December 14, 2002 |
Natives of India's Andaman Islands, once famed for their ferocity and unique appearance, are genetically separate from their neighbors and may be descendants of Stone Age settlers, researchers said. Analysis of DNA from samples taken in recent times and 100 years ago show the Andaman Islanders, which include a group known as the Jarawa, are genetically different from other South Asians. The islanders, who are on the verge of extinction, have a distinct language and culture.
November 10, 1988 |
An international team of researchers today reported "the first concrete evidence" that schizophrenia can be caused by a genetic defect. Studying seven Icelandic and British families in which 39 of 104 family members were schizophrenic, the researchers found that all the affected individuals shared a specific segment of deoxyribonucleic acid (DNA) that they believe contains the abnormal gene. Schizophrenia is a severe mental illness that affects one in every 100 people.
September 24, 1995 |
A controversial conference on genetics and crime sponsored by the University of Maryland was disrupted by demonstrators who charged that the event smacked of racism. As the meeting got under way in Queenstown, the demonstrators, who had come in vans, burst into the conference room, waving red flags and chanting: "Maryland conference, you can't hide. We know you're practicing genocide," and, "Jobs yes, racism no. Genetics conference has to go." The conference resumed after the hourlong protest.
CALIFORNIA | LOCAL
July 31, 1989 |
A radical new finding that genes passed on by fathers may be different from those passed on by mothers may explain many puzzling cancers and inherited diseases, researchers announced last week. The finding contradicts one of the principles of modern genetics. Dr.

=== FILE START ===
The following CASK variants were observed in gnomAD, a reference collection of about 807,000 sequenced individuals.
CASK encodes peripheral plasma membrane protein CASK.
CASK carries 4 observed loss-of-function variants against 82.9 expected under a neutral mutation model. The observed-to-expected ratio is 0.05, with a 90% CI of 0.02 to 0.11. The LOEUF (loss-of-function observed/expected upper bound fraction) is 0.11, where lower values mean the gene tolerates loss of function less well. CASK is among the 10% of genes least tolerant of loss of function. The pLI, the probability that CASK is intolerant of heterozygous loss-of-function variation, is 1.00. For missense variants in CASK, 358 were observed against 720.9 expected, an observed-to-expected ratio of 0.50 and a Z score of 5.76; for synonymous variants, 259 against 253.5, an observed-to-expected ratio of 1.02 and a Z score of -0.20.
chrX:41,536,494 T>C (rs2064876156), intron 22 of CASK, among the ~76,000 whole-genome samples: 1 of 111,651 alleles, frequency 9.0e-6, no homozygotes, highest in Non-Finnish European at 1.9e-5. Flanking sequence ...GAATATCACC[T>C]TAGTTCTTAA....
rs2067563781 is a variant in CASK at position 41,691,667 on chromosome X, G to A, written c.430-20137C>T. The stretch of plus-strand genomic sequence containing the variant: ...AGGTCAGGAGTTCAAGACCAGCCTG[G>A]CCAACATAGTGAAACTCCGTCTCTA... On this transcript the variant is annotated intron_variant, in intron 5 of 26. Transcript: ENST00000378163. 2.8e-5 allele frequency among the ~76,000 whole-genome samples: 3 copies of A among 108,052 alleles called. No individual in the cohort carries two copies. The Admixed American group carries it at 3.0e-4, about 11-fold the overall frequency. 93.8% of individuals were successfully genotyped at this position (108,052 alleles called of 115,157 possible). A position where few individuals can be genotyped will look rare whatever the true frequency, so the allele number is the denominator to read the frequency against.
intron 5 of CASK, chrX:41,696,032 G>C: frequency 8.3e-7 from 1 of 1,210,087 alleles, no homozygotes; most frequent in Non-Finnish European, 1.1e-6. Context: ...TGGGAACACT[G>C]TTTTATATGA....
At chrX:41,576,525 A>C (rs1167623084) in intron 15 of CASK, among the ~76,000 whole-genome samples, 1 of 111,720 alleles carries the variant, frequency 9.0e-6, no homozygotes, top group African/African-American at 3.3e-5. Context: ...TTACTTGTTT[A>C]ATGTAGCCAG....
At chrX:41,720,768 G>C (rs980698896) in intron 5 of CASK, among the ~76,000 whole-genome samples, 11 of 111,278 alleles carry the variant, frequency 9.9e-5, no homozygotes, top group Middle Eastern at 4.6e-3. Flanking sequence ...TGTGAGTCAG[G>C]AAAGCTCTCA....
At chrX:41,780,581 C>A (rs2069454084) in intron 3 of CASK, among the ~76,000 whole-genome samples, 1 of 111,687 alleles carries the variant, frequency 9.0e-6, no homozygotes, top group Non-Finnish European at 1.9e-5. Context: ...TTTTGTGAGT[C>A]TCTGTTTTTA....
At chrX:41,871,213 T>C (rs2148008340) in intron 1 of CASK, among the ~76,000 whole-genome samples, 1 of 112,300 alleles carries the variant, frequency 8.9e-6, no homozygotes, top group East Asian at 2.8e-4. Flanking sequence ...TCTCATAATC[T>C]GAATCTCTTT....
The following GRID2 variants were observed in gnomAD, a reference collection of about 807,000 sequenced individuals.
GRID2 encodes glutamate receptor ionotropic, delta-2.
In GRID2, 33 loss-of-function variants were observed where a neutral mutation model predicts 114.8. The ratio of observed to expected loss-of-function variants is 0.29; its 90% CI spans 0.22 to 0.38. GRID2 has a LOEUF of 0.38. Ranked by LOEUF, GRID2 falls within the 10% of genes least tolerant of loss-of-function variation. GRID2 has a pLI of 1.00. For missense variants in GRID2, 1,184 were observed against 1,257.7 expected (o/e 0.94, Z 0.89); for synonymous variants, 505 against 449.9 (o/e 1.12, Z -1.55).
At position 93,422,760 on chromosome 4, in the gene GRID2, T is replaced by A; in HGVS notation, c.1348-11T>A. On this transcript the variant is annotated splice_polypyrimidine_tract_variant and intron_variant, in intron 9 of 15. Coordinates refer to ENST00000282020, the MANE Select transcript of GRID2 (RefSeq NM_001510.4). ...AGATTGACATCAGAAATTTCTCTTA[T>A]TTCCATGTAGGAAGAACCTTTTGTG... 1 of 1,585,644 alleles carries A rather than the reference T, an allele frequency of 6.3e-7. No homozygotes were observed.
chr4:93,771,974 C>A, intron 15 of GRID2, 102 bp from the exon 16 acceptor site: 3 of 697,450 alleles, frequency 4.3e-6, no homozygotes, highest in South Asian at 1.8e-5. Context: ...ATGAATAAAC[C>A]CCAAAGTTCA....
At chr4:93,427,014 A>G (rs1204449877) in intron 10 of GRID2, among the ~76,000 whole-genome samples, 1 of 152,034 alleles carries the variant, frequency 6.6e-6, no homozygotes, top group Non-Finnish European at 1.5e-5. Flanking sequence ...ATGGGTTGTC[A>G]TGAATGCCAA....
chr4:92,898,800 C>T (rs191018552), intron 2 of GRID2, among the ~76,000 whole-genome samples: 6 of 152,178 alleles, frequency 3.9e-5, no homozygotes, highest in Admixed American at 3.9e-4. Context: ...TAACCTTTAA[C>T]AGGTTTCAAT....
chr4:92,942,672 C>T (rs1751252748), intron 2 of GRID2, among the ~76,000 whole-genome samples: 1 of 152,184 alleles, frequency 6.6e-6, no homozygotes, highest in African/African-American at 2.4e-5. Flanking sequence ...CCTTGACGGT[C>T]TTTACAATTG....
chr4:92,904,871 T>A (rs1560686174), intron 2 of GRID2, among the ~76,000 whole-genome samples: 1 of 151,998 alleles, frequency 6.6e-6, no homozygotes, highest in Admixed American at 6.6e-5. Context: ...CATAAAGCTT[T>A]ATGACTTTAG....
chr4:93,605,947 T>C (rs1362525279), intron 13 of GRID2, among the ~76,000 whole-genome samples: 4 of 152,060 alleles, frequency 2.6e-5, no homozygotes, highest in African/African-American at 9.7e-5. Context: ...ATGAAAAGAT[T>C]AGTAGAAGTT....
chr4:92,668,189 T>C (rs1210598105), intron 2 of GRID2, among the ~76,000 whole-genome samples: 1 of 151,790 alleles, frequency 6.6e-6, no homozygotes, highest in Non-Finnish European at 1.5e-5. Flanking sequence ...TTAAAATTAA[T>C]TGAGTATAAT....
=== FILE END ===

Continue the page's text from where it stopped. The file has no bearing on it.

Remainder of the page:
September 5, 1992 |
A conference exploring possible links between genetics and crime was postponed Friday because federal money was withheld amid criticism from black leaders. The decision by the National Institutes of Health to freeze $78,000 earmarked for the meeting at the University of Maryland in College Park amounts to an assault on academic freedom, a university official said. The institutes decided in July to withdraw funds for the conference, scheduled for Oct. 9-11.
December 3, 2005 |
Canadian researchers have identified a mutant gene that impairs the body's ability to handle vitamin B12, producing diseases that are accompanied by an increased risk of heart disease, stroke and dementia. The team reported this week in the journal Nature Genetics that a defective form of a gene called MMACHC interferes with the vitamin's ability to help synthesize red blood cells and maintain the nervous system.
June 4, 2001 |
A computer jockey named Michael Richards punches a keyboard to search a database of chemicals kept at a biotechnology company here. With a few keystrokes, he calls up one of the more unusual inventory lists in corporate America. "Harsh but sweet, floral-hay odor; sweet cherry-berry taste," reads the entry for a chemical called 1-acetyl-4-methyl benzene. "Fruity, floral, weak, vanilla-like odor and taste," says another entry, for 4-methoxybenzyl acetate. The chemicals at Senomyx Inc.
November 23, 2002 |
Scientists have identified a gene that plays a central role in the development of obesity and diabetes and could pave the way for new drugs to treat the diseases. Researchers at Harvard School of Public Health in Boston discovered that mice genetically prone to obesity or those fed a high-fat diet had higher activity in a gene called JNK than normal mice.
June 28, 1987 |
Researchers at Childrens Hospital of Los Angeles and the USC School of Medicine say they can now identify many people who have inherited a defective gene known to be responsible for retinoblastoma, a childhood cancer of the eye. The report in the current issue of Science is the latest from scientists who have isolated the gene. The Childrens Hospital team said its study provided the first proof that the gene that was isolated is indeed the gene responsible for the cancer. Dr.
December 27, 2004 |
Lung cancer appears to run in families, researchers have found, though exposure to tobacco smoke is still the dominant cause of the disease even for those who may be genetically predisposed. The strongest family link was found in the relatives of patients who developed the disease at age 60 or younger. The parents of such people had nearly a 3 1/2 times higher risk of also developing the disease compared to the general population, the study said.